Lack of Sex Drive With IBD

People with Crohn's and colitis may experience a lack of libido

Since a diagnosis of inflammatory bowel disease (IBD), is it true that sex isn't what it used to be? It's not uncommon for adults with IBD to experience a change in their sex drive. This side effect can be frustrating for both the person with IBD and for their partner. The good news is that there are ways to cope with this problem. With some patience, couples can work towards having the intimate moments that they want. Couples who find that the problems are too much to conquer alone, don't hesitate to ask a gastroenterologist or another medical professional for help. In some cases, a few visits with a mental health professional can improve the situation immensely.

Woman sitting up in bed holding stomach with man in bed in the background
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What Can Cause a Lack of Sex Drive?

The causes are varied, and in many cases, several causes may be contributing to the problems with intimacy. 

  • Exhaustion: Sheer fatigue is a major factor. Dealing with a chronic illness is downright exhausting. Getting up in the middle of the night to use the toilet, repeated bouts of diarrhea or vomiting, malabsorption or loss of nutrients, and chronic pain all make for a tired person.
  • Medication: Another culprit can be the medications that people with IBD take to squelch a flare-up or to prevent a new one. Prednisone can affect the sex drive, too, in addition to all its other charming side effects.
  • Complications: More common in Crohn's disease than ulcerative colitis, fistulas can be a major block to romance. Fistulas, particularly recto-vaginal ones in women, could make sex messy and painful.
  • Self-image: For some, the last and most complex reason is a poor self-image. Let's face it, spending a lot of your time in the toilet is not going to help you feel like having sex.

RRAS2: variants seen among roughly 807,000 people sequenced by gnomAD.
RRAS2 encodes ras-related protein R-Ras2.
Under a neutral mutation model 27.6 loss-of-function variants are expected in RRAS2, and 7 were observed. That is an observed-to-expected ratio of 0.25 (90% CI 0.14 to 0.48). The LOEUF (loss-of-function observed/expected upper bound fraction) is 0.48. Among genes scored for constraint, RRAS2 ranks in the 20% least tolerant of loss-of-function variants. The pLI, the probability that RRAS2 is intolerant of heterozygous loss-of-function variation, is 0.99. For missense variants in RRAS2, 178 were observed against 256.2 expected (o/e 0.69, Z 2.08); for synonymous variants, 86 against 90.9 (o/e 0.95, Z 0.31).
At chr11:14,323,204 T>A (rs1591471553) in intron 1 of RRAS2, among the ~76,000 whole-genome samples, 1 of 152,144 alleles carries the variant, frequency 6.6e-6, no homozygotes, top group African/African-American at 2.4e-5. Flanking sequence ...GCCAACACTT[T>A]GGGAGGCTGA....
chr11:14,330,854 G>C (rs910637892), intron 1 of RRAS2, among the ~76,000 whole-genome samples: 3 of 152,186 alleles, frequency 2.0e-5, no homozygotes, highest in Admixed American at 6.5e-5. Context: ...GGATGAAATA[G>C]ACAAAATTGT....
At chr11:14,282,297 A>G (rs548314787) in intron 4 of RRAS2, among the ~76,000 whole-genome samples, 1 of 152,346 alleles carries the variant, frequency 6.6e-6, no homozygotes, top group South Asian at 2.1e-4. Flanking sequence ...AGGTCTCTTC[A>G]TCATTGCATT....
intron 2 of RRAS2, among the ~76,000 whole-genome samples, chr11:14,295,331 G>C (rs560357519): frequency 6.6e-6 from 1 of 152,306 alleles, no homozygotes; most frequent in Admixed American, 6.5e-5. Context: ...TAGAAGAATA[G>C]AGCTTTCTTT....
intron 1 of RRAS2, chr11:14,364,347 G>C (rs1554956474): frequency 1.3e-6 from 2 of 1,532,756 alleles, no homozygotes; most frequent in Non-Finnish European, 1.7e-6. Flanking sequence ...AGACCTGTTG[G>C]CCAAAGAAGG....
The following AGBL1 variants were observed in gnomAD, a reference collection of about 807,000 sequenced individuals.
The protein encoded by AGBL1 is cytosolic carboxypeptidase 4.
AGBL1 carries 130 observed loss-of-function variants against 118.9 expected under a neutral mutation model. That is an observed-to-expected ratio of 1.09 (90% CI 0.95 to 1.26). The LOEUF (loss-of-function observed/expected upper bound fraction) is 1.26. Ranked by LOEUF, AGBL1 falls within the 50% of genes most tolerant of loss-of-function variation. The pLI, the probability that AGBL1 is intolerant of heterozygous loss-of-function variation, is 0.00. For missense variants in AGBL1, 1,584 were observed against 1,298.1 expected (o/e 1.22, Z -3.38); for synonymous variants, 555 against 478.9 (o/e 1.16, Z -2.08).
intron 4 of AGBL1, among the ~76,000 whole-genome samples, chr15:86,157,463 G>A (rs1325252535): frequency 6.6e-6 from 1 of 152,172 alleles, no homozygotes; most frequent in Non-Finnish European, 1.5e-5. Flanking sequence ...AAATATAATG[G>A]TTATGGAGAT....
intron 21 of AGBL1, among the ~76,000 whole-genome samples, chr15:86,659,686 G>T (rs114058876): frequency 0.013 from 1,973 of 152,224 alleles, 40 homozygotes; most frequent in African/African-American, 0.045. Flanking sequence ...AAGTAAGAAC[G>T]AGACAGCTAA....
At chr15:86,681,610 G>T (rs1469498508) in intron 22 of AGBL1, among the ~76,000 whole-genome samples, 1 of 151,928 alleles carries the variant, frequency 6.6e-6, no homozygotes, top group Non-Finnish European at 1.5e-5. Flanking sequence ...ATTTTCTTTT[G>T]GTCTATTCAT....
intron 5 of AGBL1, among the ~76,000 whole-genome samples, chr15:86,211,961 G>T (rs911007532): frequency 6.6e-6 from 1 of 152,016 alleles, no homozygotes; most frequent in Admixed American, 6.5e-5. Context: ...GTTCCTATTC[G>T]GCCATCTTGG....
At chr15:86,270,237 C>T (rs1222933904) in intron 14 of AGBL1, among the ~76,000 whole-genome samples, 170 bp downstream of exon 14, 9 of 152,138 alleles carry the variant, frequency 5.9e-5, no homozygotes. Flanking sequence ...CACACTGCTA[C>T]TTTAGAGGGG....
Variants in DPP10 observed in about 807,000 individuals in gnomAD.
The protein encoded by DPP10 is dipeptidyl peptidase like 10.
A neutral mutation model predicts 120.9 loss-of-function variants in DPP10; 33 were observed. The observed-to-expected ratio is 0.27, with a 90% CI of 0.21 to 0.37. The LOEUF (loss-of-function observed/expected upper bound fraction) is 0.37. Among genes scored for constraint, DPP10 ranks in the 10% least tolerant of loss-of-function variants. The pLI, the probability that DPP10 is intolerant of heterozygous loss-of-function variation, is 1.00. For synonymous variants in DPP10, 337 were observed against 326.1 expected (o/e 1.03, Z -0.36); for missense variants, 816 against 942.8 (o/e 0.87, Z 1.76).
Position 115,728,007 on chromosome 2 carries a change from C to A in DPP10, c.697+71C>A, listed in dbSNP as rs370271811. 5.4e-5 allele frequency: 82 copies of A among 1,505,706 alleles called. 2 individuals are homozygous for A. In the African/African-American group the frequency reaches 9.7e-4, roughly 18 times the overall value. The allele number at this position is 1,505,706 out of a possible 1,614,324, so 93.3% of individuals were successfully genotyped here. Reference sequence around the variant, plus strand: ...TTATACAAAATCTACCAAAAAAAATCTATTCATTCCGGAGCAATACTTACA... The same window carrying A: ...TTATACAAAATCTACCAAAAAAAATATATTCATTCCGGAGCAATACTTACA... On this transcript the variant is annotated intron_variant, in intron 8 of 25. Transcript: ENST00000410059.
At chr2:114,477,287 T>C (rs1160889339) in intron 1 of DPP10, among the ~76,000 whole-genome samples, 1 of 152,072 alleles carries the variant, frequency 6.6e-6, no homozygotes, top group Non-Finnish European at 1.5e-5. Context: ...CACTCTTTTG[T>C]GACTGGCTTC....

How to Deal With a Lack of Sex Drive

Addressing nutritional issues can be an answer for some people who find their libido has changed. Low levels of iron, folic acid, and vitamin B12, in particular, can lead to anemia and leave a person feeling quite tired. With proper supplements, either by mouth or through injection, iron and vitamin B12 levels can be raised to combat the anemia.

Prednisone is a fact of life for some people living with IBD. Patients often work toward reducing the use of prednisone as soon as possible because it can play havoc with so many body functions. With dosage decreases as small as 1 mg, tapering down from 40 mg to 5 mg or 10 mg a day can be a long process. The good news is that once the drug is stopped, many of prednisone's side effects (including an altered sex drive) are usually reversed.

Until fistulas are treated effectively through medication or surgery, they can affect sexual desire. A personal lubricant may help in some instances of recto-vaginal fistulas that are causing discomfort. It's important here to try to avoid activities or positions that cause discomfort. It may be necessary to avoid penetrating sex but instead to enjoy oral sex or mutual masturbation at times when a fistula is flaring up.

A more time-consuming issue is one of body image. Open communication can go a long way to helping problems in the bedroom. The well partner can be assured that the lack of sex is not a personal rejection; the lack of interest really is due to the disease. The partner with IBD needs reassurance that he or she is still attractive and that the well partner is committed to seeing the health problems through to a solution. Remembering that this is a temporary bump in the road, and all relationships have many, can help put the situation in perspective.

A Word From Verywell

Keep in mind that healthy adult relationships have more nuance and depth to them than sexual gratification. There are also the benefits of companionship, trust, and friendship. Finding a way to work through this hurdle of intimacy, as couples go through all the others that IBD put in their path, will bring increased closeness as a couple. Communication is key and couples who find that challenging shouldn't hesitate to seek out further help. Strengthening the relationship is always going to be worth the work.

3 Sources
Verywell Health uses only high-quality sources, including peer-reviewed studies, to support the facts within our articles. Read our editorial process to learn more about how we fact-check and keep our content accurate, reliable, and trustworthy.
  1. Jedel S, Hood MM, Keshavarzian A. Getting personal: a review of sexual functioning, body image, and their impact on quality of life in patients with inflammatory bowel disease. Inflamm Bowel Dis. 2015;21(4):923-38. doi:10.1097/MIB.0000000000000257

  2. Christensen B. Inflammatory bowel disease and sexual dysfunction. Gastroenterol Hepatol (N Y). 2014;10(1):53-5.

  3. Nikzad Z, Iravani M, Abedi P, Shahbazian N, Saki A. The relationship between iron deficiency anemia and sexual function and satisfaction among reproductive-aged Iranian women. PLoS ONE. 2018;13(12):e0208485. doi:10.1371/journal.pone.0208485

Additional Reading

By Amber J. Tresca
Amber J. Tresca is a freelance writer and speaker who covers digestive conditions, including IBD. She was diagnosed with ulcerative colitis at age 16.